NPR has the takeaways from Amy Coney Barrett’s confirmation hearings for the Supreme Court.


As in 2016, Republican Gov. Charlie Baker doesn’t plan to vote for fellow Republican Donald Trump for president. He isn’t saying whether he’ll vote for Joe Biden or blank the race. (MassLive)

A box of 500 envelopes for Massachusetts mail-in ballots — but not the ballots themselves — end up on the counter of a New Hampshire plumbing business. The store owner, citing President Trump, says it shows Massachusetts can’t handle mail-in voting. (Eagle-Tribune)

Tracy Lovvorn is making her second attempt at unseating US Rep. Jim McGovern. (Telegram & Gazette)

Republican Jerry McDermott of Westwood and Democrat Patrick McDermott of Quincy are facing off in a special election to become the Norfolk County sheriff. (Patriot Ledger)

Democratic enthusiasm appears to be driving a huge wave of early voting across the country. (Washington Post)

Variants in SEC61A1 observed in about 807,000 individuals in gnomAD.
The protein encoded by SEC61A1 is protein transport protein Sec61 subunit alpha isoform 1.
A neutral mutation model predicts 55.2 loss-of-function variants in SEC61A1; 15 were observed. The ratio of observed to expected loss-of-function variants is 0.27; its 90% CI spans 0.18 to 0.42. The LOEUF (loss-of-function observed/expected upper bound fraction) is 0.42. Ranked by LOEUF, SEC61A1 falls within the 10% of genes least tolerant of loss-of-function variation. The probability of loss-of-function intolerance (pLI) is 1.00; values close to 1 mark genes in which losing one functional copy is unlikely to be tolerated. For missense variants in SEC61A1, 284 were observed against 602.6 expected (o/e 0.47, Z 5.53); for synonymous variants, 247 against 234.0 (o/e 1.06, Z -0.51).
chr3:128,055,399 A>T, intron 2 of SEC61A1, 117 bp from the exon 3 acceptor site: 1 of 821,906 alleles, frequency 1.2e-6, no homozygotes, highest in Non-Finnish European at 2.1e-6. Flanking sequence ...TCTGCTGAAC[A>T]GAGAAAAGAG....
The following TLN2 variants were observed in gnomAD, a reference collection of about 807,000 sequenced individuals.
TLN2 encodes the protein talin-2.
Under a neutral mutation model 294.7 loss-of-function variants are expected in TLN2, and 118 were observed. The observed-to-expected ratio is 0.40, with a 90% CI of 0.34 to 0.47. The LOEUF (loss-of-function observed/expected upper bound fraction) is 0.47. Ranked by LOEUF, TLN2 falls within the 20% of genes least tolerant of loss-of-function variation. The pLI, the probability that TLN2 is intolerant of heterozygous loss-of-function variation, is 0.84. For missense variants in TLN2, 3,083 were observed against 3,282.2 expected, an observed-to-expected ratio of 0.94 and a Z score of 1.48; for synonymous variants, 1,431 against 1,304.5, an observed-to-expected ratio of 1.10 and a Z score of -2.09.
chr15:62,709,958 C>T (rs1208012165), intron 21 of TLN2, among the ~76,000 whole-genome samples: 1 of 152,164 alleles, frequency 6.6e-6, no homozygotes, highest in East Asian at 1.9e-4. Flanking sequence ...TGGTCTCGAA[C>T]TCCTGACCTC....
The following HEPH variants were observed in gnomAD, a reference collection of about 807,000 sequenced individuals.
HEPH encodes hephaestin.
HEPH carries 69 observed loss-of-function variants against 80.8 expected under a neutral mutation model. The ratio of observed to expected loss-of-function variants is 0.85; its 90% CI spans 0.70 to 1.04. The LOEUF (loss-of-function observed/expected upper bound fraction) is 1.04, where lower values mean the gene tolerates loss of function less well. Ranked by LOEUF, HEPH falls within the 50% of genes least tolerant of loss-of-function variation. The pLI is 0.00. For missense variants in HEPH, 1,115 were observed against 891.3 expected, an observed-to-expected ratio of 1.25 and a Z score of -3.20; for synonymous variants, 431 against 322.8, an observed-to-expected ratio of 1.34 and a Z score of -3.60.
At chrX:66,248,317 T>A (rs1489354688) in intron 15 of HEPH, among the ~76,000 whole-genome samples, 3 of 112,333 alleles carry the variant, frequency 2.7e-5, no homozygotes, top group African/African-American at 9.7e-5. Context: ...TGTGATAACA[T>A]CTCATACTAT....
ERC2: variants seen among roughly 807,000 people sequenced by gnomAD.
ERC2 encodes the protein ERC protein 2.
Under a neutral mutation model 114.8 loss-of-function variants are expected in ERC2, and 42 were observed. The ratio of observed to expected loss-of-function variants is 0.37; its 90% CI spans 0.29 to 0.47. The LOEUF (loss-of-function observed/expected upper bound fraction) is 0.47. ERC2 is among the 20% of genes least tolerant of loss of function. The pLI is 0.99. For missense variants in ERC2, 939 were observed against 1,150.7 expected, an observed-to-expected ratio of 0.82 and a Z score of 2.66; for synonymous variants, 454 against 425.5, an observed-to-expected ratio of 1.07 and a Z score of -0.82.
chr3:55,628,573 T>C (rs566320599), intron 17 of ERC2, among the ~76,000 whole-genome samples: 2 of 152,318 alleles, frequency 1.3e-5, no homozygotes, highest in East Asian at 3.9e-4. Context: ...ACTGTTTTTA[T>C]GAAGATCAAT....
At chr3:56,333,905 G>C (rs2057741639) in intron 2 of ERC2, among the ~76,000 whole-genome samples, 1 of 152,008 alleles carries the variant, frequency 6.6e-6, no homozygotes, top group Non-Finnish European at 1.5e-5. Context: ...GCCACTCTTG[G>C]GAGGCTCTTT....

Despite the eviction ban, some landlords have been pressuring tenants to move out. (WBUR)

Businesses are facing a “perfect storm” of higher labor costs next year, with a minimum wage increase, a new paid leave law, rising health care costs and expected skyrocketing unemployment insurance costs. (The Salem News)

A Fall River businessman is peeved his company isn’t one of nine US businesses chosen to share $335 million worth of Department of Defense contracts to deliver 73 million COVID-19 resistant isolation gowns to the feds by January. (Herald News)


A Suffolk Superior Court judge denied an injunction request from the Boston Teachers Union to allow teachers to work remotely whenever the city’s coronavirus positive test rate exceeds 4 percent. (Boston Globe)